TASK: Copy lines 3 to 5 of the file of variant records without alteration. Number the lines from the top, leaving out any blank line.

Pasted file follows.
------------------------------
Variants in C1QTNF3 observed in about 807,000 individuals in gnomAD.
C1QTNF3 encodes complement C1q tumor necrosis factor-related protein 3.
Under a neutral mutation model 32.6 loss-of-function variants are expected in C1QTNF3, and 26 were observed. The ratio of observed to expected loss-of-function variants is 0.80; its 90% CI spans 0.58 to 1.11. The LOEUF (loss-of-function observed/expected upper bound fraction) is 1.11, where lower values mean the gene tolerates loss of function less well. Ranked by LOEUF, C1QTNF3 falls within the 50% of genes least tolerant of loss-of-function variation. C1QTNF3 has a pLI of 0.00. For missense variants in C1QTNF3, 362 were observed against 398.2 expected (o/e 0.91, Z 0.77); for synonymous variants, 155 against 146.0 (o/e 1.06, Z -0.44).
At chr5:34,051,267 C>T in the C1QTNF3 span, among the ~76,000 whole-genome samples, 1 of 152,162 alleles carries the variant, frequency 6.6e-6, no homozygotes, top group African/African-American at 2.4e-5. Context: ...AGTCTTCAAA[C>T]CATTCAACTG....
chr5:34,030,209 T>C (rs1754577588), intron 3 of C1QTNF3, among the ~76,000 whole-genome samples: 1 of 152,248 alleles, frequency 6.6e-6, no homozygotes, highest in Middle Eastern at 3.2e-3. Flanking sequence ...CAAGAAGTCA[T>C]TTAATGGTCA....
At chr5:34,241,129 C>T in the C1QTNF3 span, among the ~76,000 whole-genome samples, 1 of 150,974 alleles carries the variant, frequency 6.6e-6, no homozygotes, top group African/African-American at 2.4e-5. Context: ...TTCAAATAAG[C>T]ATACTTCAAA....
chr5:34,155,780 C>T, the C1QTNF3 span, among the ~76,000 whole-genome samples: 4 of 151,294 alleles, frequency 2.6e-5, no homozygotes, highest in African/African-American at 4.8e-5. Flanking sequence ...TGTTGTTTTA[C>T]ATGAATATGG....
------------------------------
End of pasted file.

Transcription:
Under a neutral mutation model 32.6 loss-of-function variants are expected in C1QTNF3, and 26 were observed. The ratio of observed to expected loss-of-function variants is 0.80; its 90% CI spans 0.58 to 1.11. The LOEUF (loss-of-function observed/expected upper bound fraction) is 1.11, where lower values mean the gene tolerates loss of function less well. Ranked by LOEUF, C1QTNF3 falls within the 50% of genes least tolerant of loss-of-function variation. C1QTNF3 has a pLI of 0.00. For missense variants in C1QTNF3, 362 were observed against 398.2 expected (o/e 0.91, Z 0.77); for synonymous variants, 155 against 146.0 (o/e 1.06, Z -0.44).
At chr5:34,051,267 C>T in the C1QTNF3 span, among the ~76,000 whole-genome samples, 1 of 152,162 alleles carries the variant, frequency 6.6e-6, no homozygotes, top group African/African-American at 2.4e-5. Context: ...AGTCTTCAAA[C>T]CATTCAACTG....
chr5:34,030,209 T>C (rs1754577588), intron 3 of C1QTNF3, among the ~76,000 whole-genome samples: 1 of 152,248 alleles, frequency 6.6e-6, no homozygotes, highest in Middle Eastern at 3.2e-3. Flanking sequence ...CAAGAAGTCA[T>C]TTAATGGTCA....